Just above the horizon the sunset looks like a kaleidoscope — light like diamond shards of glass moving left and right, up and down, changing shape at the whim of a giant hand. Even if I had no calendar, I would know it is October just by looking at the sunset.
A few nights ago the colors were warm peach wrapped in lavender and palest pink. And two weeks ago the sky was bright orange pulled like taffy across the purple of a deep bruise. Tonight sky throbs with mango and lemon and blood orange edged with indigo.
I am generally curious about such things. Things like what makes the colors in an autumn sunset, but tonight I am not. It is enough that the colors exist, that they drape themselves over my little piece of earth and invite me to stand still and marvel. Which is exactly what I do.
I also take a photo. I have no idea how it will turn out. I’ve grown accustomed to the idea that the camera on my cell phone — regardless of the claims of its manufacturer — will never capture the exact hue, the perfect clarity. There is no artificial lens in the world that produces what my very human, very near-sighted eyes produce.
Click. The image is saved to the smaller-than-postage-stamp memory card in the phone.
It is only later, when I am examining the photo to determine if it is social media-worthy, that I notice the sunset — the glorious, show-stopping sunset — is not nearly everything the camera captured. In the foreground is Owen, his nose to the ground, as entranced by some scent as I am by the sky. There is the wooden fence marking the corner of my parents’ yard, its boards leaning a little, sagging a little more. There is a field of plowed-up peanuts, the vines turned brown and brittle awaiting the picker. In the distance is Sandhill.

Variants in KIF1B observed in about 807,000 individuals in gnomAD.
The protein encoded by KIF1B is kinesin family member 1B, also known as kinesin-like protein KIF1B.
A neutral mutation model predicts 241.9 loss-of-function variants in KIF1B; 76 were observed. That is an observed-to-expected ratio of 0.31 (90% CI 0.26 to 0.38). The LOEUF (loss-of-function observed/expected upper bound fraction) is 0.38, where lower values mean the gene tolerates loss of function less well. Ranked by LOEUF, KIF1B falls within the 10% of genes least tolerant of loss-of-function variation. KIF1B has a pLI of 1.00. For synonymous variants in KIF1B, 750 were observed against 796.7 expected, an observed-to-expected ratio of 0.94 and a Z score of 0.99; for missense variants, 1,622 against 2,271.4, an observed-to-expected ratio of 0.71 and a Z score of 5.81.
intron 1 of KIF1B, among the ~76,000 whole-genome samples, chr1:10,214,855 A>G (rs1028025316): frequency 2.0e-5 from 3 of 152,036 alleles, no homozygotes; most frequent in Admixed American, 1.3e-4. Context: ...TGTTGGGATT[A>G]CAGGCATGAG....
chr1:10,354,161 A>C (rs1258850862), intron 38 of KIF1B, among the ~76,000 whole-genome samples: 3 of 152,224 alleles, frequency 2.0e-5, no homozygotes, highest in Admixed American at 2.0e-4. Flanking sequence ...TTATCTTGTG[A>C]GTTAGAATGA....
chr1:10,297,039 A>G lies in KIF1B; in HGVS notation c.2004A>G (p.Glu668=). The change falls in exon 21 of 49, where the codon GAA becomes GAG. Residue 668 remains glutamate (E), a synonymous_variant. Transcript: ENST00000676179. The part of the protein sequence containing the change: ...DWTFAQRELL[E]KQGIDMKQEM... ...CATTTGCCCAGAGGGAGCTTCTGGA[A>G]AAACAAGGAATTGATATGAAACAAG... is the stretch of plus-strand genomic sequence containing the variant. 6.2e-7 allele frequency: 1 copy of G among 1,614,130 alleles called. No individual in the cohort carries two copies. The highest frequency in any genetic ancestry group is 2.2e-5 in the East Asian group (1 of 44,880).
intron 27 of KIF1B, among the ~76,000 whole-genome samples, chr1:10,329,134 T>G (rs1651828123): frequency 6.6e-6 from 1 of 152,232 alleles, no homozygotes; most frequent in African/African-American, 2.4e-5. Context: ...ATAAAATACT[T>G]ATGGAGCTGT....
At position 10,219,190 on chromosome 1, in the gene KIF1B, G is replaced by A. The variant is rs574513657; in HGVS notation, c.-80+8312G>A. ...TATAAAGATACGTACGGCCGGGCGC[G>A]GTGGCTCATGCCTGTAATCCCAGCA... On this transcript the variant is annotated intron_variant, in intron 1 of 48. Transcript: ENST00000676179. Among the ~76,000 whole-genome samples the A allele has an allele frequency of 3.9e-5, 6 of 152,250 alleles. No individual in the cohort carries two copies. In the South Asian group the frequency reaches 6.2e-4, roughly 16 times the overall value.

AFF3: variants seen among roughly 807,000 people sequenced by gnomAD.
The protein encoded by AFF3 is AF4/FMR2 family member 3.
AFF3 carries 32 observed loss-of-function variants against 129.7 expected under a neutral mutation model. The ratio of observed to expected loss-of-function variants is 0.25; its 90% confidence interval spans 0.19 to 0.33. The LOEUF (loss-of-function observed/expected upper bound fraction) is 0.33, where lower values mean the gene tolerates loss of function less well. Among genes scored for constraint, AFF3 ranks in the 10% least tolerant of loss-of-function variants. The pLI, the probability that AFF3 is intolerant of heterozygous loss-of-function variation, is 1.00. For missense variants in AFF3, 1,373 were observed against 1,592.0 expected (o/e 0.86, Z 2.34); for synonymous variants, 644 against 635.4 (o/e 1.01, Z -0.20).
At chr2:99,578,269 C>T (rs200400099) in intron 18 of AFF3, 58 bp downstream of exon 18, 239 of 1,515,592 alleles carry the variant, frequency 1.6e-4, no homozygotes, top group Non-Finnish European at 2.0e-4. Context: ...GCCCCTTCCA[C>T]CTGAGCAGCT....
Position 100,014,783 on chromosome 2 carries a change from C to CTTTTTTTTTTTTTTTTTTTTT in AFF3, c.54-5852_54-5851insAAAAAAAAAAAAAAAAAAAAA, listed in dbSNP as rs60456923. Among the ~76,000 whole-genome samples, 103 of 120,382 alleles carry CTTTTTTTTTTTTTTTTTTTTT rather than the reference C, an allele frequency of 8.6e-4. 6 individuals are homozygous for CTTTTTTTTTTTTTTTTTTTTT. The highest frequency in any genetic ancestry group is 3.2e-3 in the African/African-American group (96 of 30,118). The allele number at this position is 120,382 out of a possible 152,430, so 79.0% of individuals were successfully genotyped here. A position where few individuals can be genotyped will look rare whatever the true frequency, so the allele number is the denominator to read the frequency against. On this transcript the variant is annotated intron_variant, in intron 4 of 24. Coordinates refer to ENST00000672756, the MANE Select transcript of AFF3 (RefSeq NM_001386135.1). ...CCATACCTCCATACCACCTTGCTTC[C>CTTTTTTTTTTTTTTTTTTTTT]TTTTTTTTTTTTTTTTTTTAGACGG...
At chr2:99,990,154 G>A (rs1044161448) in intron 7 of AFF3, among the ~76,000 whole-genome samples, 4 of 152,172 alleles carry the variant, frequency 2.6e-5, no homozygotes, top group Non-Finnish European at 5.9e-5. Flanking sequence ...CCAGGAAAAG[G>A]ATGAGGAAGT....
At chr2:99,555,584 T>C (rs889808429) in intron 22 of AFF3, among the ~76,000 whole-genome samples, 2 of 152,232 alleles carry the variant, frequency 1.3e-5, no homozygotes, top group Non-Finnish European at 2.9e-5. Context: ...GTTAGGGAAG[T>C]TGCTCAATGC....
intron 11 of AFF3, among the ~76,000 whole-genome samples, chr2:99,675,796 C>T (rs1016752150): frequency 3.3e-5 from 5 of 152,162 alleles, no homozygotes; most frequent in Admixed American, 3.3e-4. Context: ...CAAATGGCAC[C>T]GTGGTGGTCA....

In just a few weeks it will have been 29 years since I moved into Sandhill, 29 years since I began the ongoing process of creating a home. I had one bed, a nightstand and a couch on order from L.A. Waters Furniture. No kitchen table, no desk, lots of books and a television antenna that picked up three Savannah stations and, occasionally, when the cloud coverage was just right, one in Augusta. There was no deck, no rocking chairs, no shed.
The holly trees that anchor the corners of the front porch weren’t there. The saw-tooth oaks and sycamore that now tower over the roof weren’t there. The mailbox, the hydrangeas, the bird feeders weren’t there. Not yet.
Staring at the photo I remember without wanting to remember — the table set for Thanksgiving; the Christmas tree in the corner of the living room; the faces of visiting friends, talking late into the night and waking to the creeping light of sunrise through the guest room windows. They all seem so far away in this strangest of years. And, yet, they are all right here with me, captured in memory. That, like the sunset, is also a marvel.
There is reason to believe that the end of life in the time of COVID is not yet. There is good reason to believe that, despite fervent wishes to the contrary, it will be a while yet before there are friends waking up in the guest room of Sandhill, rocking on the front porch, gathering around the table to tell stories and pass the peace.
I will not, however, pout. Pouting, I used to tell the little girls on my softball team, is neither attractive nor productive. (And, I might add, it is even less attractive and less productive in a grown woman.) What I will do, every chance I get, is stand in the middle of the dirt road and stare at the October sunset pouring itself out flagrantly over the tall trees and the wide fields and my own little house.